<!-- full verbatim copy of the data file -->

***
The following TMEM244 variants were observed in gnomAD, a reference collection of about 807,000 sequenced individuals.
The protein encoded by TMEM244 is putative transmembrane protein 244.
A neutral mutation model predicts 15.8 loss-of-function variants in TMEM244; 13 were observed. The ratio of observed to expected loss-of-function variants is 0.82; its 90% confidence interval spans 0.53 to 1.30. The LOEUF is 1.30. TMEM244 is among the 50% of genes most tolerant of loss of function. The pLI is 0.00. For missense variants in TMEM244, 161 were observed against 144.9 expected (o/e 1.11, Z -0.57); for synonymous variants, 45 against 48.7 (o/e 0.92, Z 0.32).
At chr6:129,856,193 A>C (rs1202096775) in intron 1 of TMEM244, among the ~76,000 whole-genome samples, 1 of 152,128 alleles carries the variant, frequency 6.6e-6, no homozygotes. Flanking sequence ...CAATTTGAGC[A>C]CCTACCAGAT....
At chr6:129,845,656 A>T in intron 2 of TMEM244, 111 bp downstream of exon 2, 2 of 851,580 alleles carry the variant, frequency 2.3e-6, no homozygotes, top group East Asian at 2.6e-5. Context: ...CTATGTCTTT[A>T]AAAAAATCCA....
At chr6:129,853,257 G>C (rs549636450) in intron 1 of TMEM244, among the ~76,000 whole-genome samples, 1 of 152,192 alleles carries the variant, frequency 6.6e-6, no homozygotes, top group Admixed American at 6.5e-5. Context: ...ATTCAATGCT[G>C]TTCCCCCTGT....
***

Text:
The following TMEM244 variants were observed in gnomAD, a reference collection of about 807,000 sequenced individuals.
The protein encoded by TMEM244 is putative transmembrane protein 244.
A neutral mutation model predicts 15.8 loss-of-function variants in TMEM244; 13 were observed. The ratio of observed to expected loss-of-function variants is 0.82; its 90% confidence interval spans 0.53 to 1.30. The LOEUF is 1.30. TMEM244 is among the 50% of genes most tolerant of loss of function. The pLI is 0.00. For missense variants in TMEM244, 161 were observed against 144.9 expected (o/e 1.11, Z -0.57); for synonymous variants, 45 against 48.7 (o/e 0.92, Z 0.32).
At chr6:129,856,193 A>C (rs1202096775) in intron 1 of TMEM244, among the ~76,000 whole-genome samples, 1 of 152,128 alleles carries the variant, frequency 6.6e-6, no homozygotes. Flanking sequence ...CAATTTGAGC[A>C]CCTACCAGAT....
At chr6:129,845,656 A>T in intron 2 of TMEM244, 111 bp downstream of exon 2, 2 of 851,580 alleles carry the variant, frequency 2.3e-6, no homozygotes, top group East Asian at 2.6e-5. Context: ...CTATGTCTTT[A>T]AAAAAATCCA....
At chr6:129,853,257 G>C (rs549636450) in intron 1 of TMEM244, among the ~76,000 whole-genome samples, 1 of 152,192 alleles carries the variant, frequency 6.6e-6, no homozygotes, top group Admixed American at 6.5e-5. Context: ...ATTCAATGCT[G>C]TTCCCCCTGT....